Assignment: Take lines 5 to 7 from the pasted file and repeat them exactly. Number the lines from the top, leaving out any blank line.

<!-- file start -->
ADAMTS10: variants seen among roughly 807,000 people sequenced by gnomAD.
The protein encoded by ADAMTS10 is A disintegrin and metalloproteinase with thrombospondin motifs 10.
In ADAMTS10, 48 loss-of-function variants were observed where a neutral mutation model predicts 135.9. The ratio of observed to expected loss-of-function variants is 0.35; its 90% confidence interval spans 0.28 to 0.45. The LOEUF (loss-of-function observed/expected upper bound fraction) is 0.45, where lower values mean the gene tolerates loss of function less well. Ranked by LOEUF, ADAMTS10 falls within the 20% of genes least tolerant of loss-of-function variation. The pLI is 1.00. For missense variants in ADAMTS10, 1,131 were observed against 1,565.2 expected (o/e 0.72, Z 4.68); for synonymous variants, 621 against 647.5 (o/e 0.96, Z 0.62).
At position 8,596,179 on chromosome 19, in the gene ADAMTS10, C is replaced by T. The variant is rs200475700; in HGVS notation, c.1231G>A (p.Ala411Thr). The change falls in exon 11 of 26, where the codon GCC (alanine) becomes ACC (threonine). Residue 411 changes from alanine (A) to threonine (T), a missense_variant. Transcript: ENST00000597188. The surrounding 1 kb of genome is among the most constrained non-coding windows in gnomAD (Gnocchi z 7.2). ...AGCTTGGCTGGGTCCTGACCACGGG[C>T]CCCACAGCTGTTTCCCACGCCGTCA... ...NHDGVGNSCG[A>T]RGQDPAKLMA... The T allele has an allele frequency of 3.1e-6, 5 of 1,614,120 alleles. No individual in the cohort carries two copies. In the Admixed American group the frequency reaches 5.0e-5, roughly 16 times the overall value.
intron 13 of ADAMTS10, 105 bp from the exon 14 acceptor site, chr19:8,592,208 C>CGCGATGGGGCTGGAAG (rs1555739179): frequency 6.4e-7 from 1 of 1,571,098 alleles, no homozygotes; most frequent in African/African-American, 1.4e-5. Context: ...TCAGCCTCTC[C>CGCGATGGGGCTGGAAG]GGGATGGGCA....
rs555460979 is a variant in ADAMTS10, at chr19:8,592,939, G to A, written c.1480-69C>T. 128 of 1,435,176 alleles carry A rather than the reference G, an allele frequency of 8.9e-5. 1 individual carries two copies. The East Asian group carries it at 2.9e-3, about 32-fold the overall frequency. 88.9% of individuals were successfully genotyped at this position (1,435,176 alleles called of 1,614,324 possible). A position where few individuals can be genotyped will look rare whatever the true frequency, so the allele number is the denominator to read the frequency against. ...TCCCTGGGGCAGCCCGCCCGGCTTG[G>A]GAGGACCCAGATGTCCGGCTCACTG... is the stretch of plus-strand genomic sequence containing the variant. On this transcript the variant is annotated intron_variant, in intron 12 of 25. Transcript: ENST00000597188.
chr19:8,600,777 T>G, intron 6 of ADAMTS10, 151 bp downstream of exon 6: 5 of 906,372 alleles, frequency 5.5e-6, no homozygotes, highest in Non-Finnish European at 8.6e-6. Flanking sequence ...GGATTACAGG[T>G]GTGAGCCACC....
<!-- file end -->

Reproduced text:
intron 13 of ADAMTS10, 105 bp from the exon 14 acceptor site, chr19:8,592,208 C>CGCGATGGGGCTGGAAG (rs1555739179): frequency 6.4e-7 from 1 of 1,571,098 alleles, no homozygotes; most frequent in African/African-American, 1.4e-5. Context: ...TCAGCCTCTC[C>CGCGATGGGGCTGGAAG]GGGATGGGCA....
rs555460979 is a variant in ADAMTS10, at chr19:8,592,939, G to A, written c.1480-69C>T. 128 of 1,435,176 alleles carry A rather than the reference G, an allele frequency of 8.9e-5. 1 individual carries two copies. The East Asian group carries it at 2.9e-3, about 32-fold the overall frequency. 88.9% of individuals were successfully genotyped at this position (1,435,176 alleles called of 1,614,324 possible). A position where few individuals can be genotyped will look rare whatever the true frequency, so the allele number is the denominator to read the frequency against. ...TCCCTGGGGCAGCCCGCCCGGCTTG[G>A]GAGGACCCAGATGTCCGGCTCACTG... is the stretch of plus-strand genomic sequence containing the variant. On this transcript the variant is annotated intron_variant, in intron 12 of 25. Transcript: ENST00000597188.
chr19:8,600,777 T>G, intron 6 of ADAMTS10, 151 bp downstream of exon 6: 5 of 906,372 alleles, frequency 5.5e-6, no homozygotes, highest in Non-Finnish European at 8.6e-6. Flanking sequence ...GGATTACAGG[T>G]GTGAGCCACC....